Moved. See All new content goes to the new site. This is a legacy, and will likely be dropped five years after the last post in Jan 2023.

Tuesday, December 20, 2022

Christmas Book Offers

Apple Books

Pivot to Python

A Guide for professionals and skilled beginners 

I've recently updated this to fix some cosmetic problems with title pages, the table of contents and stuff like that. The content hasn't changed. Yet. It's still an introduction to Python for folks who already know how to program, they want to pivot to programming in Python. Quickly.

But wait, there's more. 

Unlearning SQL

When your only tool is a hammer, every problem looks like a nail

Many folks know some Python, but struggle with the architectural balance between writing bulk processing in SQL or writing it in Python. For too many developers, SQL is effectively the only tool they can use. With a variety of tools, it becomes easier to solve a wider variety of problems effectively.

Google Play

Also available on Google Play. Here's Unlearning SQL:

I've made a clone of Pivot to Python, also.

Both books are (intentionally) short to help experts make rapid progress.

Tuesday, December 13, 2022

On Algorithm Design

Some background: FAERIE DUST™, Obstinate Idiocy, Obstinate Idiocy, Expanded, and even Permutations, Combinations and Frustrations. I want to set up algorithm design as the diametric opposite of Obstinate Stupidity. To do that, let's look at Obstinate Stupidity.

The theme? 

We did something wrong, and we don't want to fix it.

I emphasize this because it takes many forms. Another common variant is "We can't afford to continue the way we are, but we can't afford the time to fix it, either." Sometimes, "Management wants this fixed, but we don't have any budget." You know how it is.

The current go-round is someone who has an algorithm of intensely stupid (and largely irrelevant) complexity. See My algorithm performs badly, do I need asyncio?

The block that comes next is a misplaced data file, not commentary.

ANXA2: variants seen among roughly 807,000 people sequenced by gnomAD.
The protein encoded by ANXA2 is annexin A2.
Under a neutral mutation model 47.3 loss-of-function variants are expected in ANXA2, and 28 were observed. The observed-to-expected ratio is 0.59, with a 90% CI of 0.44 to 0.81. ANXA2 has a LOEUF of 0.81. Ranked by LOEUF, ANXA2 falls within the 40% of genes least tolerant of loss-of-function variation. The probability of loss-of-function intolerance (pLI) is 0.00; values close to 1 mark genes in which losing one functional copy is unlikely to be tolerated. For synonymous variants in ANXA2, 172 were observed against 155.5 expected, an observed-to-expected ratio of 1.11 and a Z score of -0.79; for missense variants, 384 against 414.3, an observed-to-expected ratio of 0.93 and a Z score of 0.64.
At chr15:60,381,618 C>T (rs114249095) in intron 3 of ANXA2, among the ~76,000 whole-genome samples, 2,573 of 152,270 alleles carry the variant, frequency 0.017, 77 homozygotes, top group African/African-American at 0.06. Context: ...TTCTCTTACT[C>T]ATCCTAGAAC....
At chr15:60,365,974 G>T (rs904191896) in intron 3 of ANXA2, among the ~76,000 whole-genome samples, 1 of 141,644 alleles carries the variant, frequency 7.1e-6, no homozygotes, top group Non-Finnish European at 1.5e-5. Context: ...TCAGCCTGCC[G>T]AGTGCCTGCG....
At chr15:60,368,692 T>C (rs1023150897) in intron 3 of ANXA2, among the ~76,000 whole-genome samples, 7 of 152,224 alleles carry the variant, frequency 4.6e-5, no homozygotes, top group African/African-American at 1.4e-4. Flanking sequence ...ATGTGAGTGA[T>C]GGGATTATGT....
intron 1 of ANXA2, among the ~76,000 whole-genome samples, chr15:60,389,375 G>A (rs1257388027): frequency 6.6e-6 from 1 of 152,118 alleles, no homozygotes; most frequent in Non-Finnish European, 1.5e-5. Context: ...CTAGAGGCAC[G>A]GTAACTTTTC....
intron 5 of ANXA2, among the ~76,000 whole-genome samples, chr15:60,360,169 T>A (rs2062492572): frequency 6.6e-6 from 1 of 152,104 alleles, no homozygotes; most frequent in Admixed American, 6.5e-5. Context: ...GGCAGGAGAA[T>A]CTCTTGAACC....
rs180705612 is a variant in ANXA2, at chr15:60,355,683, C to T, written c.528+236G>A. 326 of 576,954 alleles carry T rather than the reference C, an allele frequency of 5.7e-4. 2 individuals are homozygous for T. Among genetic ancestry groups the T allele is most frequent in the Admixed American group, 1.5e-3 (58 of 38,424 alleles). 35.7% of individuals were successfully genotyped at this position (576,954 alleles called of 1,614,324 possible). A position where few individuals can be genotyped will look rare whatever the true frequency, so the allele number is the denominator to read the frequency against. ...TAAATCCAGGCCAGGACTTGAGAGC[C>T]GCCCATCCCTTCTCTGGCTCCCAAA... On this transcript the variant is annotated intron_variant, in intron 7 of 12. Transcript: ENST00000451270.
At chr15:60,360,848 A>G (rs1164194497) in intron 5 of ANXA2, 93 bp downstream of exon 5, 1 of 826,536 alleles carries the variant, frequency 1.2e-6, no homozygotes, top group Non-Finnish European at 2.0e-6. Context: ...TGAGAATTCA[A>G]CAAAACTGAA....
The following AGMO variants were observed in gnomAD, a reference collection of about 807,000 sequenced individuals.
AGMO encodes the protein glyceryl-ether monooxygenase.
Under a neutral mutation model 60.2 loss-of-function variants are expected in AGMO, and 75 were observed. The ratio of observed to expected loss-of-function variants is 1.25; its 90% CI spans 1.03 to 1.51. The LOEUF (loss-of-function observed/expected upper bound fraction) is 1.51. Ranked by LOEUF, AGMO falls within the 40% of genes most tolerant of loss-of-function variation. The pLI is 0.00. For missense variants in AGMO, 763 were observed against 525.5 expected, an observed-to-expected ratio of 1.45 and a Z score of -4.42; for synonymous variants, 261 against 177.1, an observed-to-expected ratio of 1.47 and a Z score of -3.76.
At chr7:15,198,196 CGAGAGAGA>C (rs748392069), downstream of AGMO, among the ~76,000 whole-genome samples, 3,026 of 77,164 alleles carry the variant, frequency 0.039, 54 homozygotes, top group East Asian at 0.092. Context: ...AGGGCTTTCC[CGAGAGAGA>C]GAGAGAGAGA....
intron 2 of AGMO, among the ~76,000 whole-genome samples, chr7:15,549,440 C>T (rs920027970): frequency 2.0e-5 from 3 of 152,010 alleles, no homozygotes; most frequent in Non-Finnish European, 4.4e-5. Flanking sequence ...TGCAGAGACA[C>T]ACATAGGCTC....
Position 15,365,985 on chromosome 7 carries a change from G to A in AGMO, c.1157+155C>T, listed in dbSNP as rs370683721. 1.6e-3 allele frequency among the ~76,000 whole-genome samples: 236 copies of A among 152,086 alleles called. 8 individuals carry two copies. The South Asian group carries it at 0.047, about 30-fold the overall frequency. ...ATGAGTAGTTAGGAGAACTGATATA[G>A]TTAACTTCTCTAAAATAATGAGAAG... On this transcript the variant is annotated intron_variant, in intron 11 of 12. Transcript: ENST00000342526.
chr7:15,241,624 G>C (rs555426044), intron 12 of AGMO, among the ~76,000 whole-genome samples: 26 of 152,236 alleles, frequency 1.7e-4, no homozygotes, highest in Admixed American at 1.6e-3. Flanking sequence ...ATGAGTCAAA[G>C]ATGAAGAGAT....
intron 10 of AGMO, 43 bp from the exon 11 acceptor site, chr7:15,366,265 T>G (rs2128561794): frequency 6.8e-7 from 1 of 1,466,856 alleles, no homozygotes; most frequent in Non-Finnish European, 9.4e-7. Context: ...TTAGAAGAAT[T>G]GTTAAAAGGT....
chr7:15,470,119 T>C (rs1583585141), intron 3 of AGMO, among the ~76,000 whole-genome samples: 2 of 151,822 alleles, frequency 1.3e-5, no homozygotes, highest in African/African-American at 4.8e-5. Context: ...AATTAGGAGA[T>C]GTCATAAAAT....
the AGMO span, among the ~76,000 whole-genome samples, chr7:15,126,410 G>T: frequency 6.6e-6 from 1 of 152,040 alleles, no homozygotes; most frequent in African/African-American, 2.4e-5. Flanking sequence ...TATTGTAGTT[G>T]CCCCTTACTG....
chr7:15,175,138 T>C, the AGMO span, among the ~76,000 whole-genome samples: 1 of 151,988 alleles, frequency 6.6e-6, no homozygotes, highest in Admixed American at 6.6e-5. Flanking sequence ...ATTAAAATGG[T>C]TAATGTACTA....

The situation is touchy. They have pre-reasoned an answer -- asyncio -- and they're looking for (a) confirmation that they're obviously right and (b) help rewriting something needlessly complex to somehow be faster even when it's compute-bound. Specifically, they want Faerie Dust.

Frivolous Complexity

How do I know it has needless, frivolous complexity?

Here are two symptoms.

  1. The problem has a lot of context. In thise case, there's a hierarchy. The hierarchy may seem irrelevant, but it has this mind-numbingly complex back-story, that they can't seem to ignore or abstract out of the essential problem. There's a (large) number of details that don't really explain what the hierarchy means or why it has to be preserved. but somehow make it essential.
  2. The problem can only be described by repeating the legacy algorithm. 

Let's dwell on this second symptom for a moment. We have two competing issues:

  • The legacy algorithm is too slow. AND,
  • There's no other way to describe the problem.

This should make it clear they are looking at asyncio as a kind of Faerie Dust that will magically make the bad algorithm good. Without fixing the bad algorithm.

I want to emphasize the existence of details which can neither be explained nor removed. The hierarchy must be there simply because it must be there. Bizarre complications to walk the hierarchy are, therefore, essential even if no one can explain them.

Algorithm Design

To actually improve the processing they need a new algorithm.

I can't emphasize this enough: they need a new algorithm. (This often means a new data structure.)

"Tuning" in any form is nothing more than nibbling around the edges to make a bad algorithm run 15% faster.

Rewriting may replace \(\textbf{O}(2^n)\) with \(\textbf{O}(n \log n)\). This would be dramatically better. From seconds to milliseconds. You know, 1,000% faster.

There's a disciplined approach to this. Here are the steps.